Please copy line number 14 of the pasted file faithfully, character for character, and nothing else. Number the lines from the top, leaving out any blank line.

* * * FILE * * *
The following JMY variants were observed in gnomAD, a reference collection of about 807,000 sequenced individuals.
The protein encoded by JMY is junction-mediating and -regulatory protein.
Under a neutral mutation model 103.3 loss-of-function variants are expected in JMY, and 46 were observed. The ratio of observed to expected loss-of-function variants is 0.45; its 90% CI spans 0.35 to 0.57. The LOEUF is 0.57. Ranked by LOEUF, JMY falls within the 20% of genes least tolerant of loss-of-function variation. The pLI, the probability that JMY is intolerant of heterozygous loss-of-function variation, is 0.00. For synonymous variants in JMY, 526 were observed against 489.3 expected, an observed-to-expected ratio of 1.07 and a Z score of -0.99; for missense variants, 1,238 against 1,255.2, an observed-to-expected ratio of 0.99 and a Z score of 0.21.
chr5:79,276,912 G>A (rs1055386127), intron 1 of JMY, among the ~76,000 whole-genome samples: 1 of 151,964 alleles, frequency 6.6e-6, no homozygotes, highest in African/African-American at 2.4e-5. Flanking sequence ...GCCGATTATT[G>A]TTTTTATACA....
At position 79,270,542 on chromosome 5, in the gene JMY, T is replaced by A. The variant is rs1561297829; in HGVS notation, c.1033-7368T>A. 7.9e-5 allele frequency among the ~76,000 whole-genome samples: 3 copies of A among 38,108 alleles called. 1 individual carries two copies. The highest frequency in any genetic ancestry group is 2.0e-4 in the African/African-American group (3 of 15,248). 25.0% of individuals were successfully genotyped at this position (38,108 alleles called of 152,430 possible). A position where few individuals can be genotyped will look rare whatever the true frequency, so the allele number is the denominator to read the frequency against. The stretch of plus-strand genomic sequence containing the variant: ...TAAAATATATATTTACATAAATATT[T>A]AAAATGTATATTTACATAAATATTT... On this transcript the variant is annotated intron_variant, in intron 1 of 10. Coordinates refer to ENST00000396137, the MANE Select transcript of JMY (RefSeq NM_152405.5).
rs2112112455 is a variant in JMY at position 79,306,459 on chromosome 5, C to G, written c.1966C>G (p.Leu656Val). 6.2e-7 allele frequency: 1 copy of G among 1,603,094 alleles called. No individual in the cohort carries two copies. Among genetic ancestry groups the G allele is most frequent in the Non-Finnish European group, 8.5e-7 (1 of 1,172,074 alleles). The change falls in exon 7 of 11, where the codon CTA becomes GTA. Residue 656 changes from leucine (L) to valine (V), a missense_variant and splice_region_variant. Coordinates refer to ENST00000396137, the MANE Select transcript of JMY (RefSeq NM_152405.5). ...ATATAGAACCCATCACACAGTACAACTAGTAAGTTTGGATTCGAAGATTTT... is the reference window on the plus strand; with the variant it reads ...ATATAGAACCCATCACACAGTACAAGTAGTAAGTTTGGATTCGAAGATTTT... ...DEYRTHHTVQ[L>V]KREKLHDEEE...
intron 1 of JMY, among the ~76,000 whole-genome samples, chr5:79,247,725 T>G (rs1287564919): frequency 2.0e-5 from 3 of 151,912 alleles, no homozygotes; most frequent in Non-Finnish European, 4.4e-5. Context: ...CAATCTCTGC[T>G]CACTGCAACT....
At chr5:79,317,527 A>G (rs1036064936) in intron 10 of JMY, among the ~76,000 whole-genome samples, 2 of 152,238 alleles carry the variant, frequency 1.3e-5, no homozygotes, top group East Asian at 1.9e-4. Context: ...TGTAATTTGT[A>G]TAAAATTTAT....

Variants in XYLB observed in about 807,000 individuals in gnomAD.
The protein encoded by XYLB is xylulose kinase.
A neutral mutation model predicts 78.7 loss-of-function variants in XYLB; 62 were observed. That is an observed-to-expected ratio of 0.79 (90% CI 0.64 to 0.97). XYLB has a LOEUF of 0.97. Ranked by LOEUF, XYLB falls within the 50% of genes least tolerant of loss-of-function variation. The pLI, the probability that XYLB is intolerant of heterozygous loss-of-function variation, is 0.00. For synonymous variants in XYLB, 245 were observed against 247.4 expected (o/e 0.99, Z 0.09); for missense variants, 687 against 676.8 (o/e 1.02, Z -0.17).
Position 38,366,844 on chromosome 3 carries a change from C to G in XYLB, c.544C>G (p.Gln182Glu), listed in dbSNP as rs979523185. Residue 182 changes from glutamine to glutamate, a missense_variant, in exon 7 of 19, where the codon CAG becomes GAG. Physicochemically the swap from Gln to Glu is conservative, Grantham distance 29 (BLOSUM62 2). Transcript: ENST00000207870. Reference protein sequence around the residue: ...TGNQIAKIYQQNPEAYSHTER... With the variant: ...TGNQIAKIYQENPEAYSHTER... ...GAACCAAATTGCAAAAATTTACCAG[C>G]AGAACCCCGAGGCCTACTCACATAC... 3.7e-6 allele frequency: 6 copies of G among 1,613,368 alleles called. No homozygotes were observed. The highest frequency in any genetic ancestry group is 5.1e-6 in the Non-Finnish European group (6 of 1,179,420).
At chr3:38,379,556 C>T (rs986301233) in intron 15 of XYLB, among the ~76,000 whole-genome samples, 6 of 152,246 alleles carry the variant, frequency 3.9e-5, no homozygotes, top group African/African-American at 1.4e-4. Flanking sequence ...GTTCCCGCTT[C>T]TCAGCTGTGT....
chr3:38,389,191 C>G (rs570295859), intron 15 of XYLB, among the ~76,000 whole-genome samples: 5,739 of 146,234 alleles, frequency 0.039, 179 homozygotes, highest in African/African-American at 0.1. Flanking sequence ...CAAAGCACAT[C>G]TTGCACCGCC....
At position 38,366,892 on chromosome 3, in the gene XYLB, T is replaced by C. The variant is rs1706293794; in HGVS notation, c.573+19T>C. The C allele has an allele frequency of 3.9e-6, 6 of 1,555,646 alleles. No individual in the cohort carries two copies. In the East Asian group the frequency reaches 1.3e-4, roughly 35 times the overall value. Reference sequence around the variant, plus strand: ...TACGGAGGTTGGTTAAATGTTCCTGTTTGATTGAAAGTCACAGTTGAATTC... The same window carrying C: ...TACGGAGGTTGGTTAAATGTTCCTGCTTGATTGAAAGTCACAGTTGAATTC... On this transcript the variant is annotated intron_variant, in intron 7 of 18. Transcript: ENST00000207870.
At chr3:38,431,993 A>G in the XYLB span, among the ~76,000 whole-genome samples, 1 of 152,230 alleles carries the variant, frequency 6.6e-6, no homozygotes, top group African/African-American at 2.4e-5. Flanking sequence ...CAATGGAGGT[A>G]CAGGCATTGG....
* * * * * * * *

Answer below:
chr3:38,389,191 C>G (rs570295859), intron 15 of XYLB, among the ~76,000 whole-genome samples: 5,739 of 146,234 alleles, frequency 0.039, 179 homozygotes, highest in African/African-American at 0.1. Flanking sequence ...CAAAGCACAT[C>G]TTGCACCGCC....